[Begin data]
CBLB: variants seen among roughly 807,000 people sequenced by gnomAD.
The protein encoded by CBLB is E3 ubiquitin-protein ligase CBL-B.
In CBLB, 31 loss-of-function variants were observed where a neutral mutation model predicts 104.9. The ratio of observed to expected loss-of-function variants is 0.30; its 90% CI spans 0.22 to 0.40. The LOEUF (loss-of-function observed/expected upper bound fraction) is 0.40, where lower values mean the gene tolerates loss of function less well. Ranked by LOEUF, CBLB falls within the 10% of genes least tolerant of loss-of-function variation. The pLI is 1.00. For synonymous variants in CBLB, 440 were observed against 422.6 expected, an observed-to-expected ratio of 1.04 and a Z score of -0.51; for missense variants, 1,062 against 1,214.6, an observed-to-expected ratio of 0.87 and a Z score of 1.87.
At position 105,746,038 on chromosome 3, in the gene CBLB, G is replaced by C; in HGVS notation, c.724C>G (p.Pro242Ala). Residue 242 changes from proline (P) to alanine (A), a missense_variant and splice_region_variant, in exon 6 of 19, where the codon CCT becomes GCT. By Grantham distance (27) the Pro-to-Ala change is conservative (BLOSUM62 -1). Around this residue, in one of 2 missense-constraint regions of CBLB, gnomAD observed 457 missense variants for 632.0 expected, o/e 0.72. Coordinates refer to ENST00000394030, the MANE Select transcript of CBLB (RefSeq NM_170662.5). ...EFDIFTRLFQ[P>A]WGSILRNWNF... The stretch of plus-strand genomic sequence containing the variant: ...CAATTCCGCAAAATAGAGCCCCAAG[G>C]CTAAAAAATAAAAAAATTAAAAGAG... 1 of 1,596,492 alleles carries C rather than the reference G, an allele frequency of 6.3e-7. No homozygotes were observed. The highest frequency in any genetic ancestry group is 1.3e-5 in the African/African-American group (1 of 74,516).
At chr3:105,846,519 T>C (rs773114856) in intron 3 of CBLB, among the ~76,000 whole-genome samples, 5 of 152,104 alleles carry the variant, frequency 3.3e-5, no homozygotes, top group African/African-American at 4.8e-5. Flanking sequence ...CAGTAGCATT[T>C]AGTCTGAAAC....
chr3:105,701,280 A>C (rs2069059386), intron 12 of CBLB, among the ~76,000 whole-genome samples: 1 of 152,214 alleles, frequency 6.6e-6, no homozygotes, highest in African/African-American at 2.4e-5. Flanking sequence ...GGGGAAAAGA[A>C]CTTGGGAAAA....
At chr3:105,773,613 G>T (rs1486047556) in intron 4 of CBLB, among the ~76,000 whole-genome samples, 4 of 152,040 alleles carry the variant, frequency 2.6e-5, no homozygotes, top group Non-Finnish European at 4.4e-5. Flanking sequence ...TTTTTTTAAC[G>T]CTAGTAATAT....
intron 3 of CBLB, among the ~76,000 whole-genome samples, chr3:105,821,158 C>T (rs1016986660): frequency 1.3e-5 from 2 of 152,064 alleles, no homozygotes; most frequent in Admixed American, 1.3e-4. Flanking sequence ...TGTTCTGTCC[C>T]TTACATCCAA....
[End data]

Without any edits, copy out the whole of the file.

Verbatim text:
CBLB: variants seen among roughly 807,000 people sequenced by gnomAD.
The protein encoded by CBLB is E3 ubiquitin-protein ligase CBL-B.
In CBLB, 31 loss-of-function variants were observed where a neutral mutation model predicts 104.9. The ratio of observed to expected loss-of-function variants is 0.30; its 90% CI spans 0.22 to 0.40. The LOEUF (loss-of-function observed/expected upper bound fraction) is 0.40, where lower values mean the gene tolerates loss of function less well. Ranked by LOEUF, CBLB falls within the 10% of genes least tolerant of loss-of-function variation. The pLI is 1.00. For synonymous variants in CBLB, 440 were observed against 422.6 expected, an observed-to-expected ratio of 1.04 and a Z score of -0.51; for missense variants, 1,062 against 1,214.6, an observed-to-expected ratio of 0.87 and a Z score of 1.87.
At position 105,746,038 on chromosome 3, in the gene CBLB, G is replaced by C; in HGVS notation, c.724C>G (p.Pro242Ala). Residue 242 changes from proline (P) to alanine (A), a missense_variant and splice_region_variant, in exon 6 of 19, where the codon CCT becomes GCT. By Grantham distance (27) the Pro-to-Ala change is conservative (BLOSUM62 -1). Around this residue, in one of 2 missense-constraint regions of CBLB, gnomAD observed 457 missense variants for 632.0 expected, o/e 0.72. Coordinates refer to ENST00000394030, the MANE Select transcript of CBLB (RefSeq NM_170662.5). ...EFDIFTRLFQ[P>A]WGSILRNWNF... The stretch of plus-strand genomic sequence containing the variant: ...CAATTCCGCAAAATAGAGCCCCAAG[G>C]CTAAAAAATAAAAAAATTAAAAGAG... 1 of 1,596,492 alleles carries C rather than the reference G, an allele frequency of 6.3e-7. No homozygotes were observed. The highest frequency in any genetic ancestry group is 1.3e-5 in the African/African-American group (1 of 74,516).
At chr3:105,846,519 T>C (rs773114856) in intron 3 of CBLB, among the ~76,000 whole-genome samples, 5 of 152,104 alleles carry the variant, frequency 3.3e-5, no homozygotes, top group African/African-American at 4.8e-5. Flanking sequence ...CAGTAGCATT[T>C]AGTCTGAAAC....
chr3:105,701,280 A>C (rs2069059386), intron 12 of CBLB, among the ~76,000 whole-genome samples: 1 of 152,214 alleles, frequency 6.6e-6, no homozygotes, highest in African/African-American at 2.4e-5. Flanking sequence ...GGGGAAAAGA[A>C]CTTGGGAAAA....
At chr3:105,773,613 G>T (rs1486047556) in intron 4 of CBLB, among the ~76,000 whole-genome samples, 4 of 152,040 alleles carry the variant, frequency 2.6e-5, no homozygotes, top group Non-Finnish European at 4.4e-5. Flanking sequence ...TTTTTTTAAC[G>T]CTAGTAATAT....
intron 3 of CBLB, among the ~76,000 whole-genome samples, chr3:105,821,158 C>T (rs1016986660): frequency 1.3e-5 from 2 of 152,064 alleles, no homozygotes; most frequent in Admixed American, 1.3e-4. Flanking sequence ...TGTTCTGTCC[C>T]TTACATCCAA....